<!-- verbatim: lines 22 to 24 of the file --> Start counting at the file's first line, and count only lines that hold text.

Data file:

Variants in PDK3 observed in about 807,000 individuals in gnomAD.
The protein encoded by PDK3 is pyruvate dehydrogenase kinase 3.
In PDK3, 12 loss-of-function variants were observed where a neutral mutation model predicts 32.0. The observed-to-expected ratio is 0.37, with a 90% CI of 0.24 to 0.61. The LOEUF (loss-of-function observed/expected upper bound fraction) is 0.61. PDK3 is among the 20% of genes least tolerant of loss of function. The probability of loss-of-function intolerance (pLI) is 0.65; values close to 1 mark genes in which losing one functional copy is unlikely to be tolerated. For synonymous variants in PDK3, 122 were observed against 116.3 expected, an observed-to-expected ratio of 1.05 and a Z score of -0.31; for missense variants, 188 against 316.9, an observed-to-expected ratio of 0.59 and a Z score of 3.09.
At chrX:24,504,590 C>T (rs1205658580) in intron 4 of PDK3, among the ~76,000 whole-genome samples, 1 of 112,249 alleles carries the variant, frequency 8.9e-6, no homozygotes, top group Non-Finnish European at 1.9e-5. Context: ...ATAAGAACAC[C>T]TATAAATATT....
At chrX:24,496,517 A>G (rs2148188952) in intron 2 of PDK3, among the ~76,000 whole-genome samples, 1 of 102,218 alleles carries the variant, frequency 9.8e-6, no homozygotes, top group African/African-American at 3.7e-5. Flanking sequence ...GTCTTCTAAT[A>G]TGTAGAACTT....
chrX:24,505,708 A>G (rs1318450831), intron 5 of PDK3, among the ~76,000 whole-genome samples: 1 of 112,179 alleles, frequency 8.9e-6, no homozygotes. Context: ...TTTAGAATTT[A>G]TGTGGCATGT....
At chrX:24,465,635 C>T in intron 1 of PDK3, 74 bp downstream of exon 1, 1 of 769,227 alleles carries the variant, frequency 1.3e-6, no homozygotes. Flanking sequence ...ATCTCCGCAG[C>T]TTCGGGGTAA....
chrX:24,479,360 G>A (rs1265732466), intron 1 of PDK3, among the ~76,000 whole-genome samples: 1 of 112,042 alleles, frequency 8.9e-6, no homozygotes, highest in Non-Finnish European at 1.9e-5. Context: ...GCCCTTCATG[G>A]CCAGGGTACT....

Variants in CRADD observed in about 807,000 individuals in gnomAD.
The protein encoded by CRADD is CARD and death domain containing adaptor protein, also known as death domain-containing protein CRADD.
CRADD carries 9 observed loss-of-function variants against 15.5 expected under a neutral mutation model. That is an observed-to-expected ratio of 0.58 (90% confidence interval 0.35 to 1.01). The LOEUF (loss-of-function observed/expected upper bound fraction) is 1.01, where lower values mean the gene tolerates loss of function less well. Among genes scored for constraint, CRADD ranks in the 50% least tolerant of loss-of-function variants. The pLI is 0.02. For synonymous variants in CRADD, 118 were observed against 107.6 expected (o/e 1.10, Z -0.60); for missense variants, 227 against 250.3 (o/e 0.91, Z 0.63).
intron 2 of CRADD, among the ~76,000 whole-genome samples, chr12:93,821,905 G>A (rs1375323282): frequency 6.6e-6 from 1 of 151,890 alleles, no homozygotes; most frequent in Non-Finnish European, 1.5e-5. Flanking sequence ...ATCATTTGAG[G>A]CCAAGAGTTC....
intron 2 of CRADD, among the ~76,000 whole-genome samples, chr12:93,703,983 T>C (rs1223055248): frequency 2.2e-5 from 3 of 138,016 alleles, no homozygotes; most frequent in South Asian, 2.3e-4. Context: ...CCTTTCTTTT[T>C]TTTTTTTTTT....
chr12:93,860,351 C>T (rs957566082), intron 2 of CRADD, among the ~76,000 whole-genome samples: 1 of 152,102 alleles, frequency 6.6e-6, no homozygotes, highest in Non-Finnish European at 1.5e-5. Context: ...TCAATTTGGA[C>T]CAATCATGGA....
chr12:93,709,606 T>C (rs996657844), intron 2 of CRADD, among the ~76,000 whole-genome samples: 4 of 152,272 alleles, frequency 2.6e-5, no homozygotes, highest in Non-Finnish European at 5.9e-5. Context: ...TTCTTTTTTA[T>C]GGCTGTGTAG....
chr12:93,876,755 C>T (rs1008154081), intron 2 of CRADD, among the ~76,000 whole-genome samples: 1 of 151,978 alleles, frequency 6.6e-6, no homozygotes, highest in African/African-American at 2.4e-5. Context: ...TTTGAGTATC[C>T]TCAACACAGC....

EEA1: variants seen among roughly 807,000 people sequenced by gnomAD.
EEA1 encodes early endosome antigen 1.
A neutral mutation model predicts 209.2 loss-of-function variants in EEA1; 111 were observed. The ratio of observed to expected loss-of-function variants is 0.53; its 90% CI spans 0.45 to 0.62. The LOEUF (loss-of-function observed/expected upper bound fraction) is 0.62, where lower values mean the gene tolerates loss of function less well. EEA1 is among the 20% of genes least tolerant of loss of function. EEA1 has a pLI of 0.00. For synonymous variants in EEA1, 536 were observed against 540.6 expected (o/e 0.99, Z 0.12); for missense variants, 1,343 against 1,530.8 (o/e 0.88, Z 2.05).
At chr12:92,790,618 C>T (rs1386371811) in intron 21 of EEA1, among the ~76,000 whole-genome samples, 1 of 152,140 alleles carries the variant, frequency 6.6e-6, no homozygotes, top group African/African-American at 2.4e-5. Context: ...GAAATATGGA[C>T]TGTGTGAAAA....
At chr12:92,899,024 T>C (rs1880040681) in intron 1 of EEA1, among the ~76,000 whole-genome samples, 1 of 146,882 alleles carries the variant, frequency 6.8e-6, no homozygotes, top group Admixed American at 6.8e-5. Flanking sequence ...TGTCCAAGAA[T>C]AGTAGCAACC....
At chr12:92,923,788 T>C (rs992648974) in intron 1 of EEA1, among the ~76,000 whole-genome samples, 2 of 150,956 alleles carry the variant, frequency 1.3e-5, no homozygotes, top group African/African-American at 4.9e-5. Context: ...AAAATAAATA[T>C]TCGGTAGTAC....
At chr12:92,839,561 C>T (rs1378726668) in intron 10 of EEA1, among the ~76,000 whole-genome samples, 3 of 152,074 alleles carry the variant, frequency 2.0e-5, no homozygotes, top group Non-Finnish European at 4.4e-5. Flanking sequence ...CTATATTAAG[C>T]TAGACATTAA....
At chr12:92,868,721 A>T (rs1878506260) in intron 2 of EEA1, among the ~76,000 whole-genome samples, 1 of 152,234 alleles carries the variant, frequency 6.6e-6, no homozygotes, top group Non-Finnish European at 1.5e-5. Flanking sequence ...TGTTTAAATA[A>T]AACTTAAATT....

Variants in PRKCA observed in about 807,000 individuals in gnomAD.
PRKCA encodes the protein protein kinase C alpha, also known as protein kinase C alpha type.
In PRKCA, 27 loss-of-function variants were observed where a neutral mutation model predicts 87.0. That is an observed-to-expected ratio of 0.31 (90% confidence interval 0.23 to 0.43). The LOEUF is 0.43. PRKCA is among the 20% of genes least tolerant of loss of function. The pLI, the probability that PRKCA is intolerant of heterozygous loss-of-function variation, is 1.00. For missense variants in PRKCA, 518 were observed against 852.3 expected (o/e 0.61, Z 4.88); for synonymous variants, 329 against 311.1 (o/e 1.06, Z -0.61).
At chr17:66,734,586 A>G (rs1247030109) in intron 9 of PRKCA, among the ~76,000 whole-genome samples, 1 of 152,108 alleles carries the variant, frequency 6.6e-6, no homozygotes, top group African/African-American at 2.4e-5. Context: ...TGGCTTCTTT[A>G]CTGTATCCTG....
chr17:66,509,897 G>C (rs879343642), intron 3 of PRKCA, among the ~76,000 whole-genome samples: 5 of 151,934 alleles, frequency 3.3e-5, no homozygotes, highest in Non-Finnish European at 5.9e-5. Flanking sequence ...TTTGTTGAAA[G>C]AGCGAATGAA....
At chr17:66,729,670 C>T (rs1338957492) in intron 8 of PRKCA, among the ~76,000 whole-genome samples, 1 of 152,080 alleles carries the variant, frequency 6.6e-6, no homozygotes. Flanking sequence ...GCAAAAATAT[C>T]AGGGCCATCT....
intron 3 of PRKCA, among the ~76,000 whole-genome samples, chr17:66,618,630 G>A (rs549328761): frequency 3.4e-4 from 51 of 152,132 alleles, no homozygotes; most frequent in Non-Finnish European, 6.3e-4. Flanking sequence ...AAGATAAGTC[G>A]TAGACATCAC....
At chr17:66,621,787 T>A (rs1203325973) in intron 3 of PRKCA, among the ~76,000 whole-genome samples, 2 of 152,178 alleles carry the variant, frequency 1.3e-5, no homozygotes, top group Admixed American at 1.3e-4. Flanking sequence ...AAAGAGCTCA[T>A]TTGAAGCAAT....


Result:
At chr12:92,923,788 T>C (rs992648974) in intron 1 of EEA1, among the ~76,000 whole-genome samples, 2 of 150,956 alleles carry the variant, frequency 1.3e-5, no homozygotes, top group African/African-American at 4.9e-5. Context: ...AAAATAAATA[T>C]TCGGTAGTAC....
At chr12:92,839,561 C>T (rs1378726668) in intron 10 of EEA1, among the ~76,000 whole-genome samples, 3 of 152,074 alleles carry the variant, frequency 2.0e-5, no homozygotes, top group Non-Finnish European at 4.4e-5. Flanking sequence ...CTATATTAAG[C>T]TAGACATTAA....
At chr12:92,868,721 A>T (rs1878506260) in intron 2 of EEA1, among the ~76,000 whole-genome samples, 1 of 152,234 alleles carries the variant, frequency 6.6e-6, no homozygotes, top group Non-Finnish European at 1.5e-5. Flanking sequence ...TGTTTAAATA[A>T]AACTTAAATT....